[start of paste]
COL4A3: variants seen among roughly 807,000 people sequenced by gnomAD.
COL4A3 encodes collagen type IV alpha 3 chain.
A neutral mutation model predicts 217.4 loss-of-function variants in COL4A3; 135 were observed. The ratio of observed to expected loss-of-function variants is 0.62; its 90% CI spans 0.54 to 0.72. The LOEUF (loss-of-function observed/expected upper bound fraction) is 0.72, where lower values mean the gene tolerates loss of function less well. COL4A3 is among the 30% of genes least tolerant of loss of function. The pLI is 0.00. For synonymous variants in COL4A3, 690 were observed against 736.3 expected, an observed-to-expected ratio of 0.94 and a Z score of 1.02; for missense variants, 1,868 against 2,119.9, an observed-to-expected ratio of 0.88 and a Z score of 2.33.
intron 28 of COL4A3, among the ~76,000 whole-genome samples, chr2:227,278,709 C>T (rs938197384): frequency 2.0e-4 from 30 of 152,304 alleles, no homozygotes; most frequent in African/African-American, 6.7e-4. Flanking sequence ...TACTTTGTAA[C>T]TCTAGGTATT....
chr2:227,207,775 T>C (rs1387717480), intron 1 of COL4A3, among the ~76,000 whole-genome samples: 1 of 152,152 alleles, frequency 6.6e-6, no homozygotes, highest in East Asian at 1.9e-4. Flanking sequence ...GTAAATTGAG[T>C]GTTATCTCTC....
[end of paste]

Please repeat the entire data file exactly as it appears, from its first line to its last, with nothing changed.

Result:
COL4A3: variants seen among roughly 807,000 people sequenced by gnomAD.
COL4A3 encodes collagen type IV alpha 3 chain.
A neutral mutation model predicts 217.4 loss-of-function variants in COL4A3; 135 were observed. The ratio of observed to expected loss-of-function variants is 0.62; its 90% CI spans 0.54 to 0.72. The LOEUF (loss-of-function observed/expected upper bound fraction) is 0.72, where lower values mean the gene tolerates loss of function less well. COL4A3 is among the 30% of genes least tolerant of loss of function. The pLI is 0.00. For synonymous variants in COL4A3, 690 were observed against 736.3 expected, an observed-to-expected ratio of 0.94 and a Z score of 1.02; for missense variants, 1,868 against 2,119.9, an observed-to-expected ratio of 0.88 and a Z score of 2.33.
intron 28 of COL4A3, among the ~76,000 whole-genome samples, chr2:227,278,709 C>T (rs938197384): frequency 2.0e-4 from 30 of 152,304 alleles, no homozygotes; most frequent in African/African-American, 6.7e-4. Flanking sequence ...TACTTTGTAA[C>T]TCTAGGTATT....
chr2:227,207,775 T>C (rs1387717480), intron 1 of COL4A3, among the ~76,000 whole-genome samples: 1 of 152,152 alleles, frequency 6.6e-6, no homozygotes, highest in East Asian at 1.9e-4. Flanking sequence ...GTAAATTGAG[T>C]GTTATCTCTC....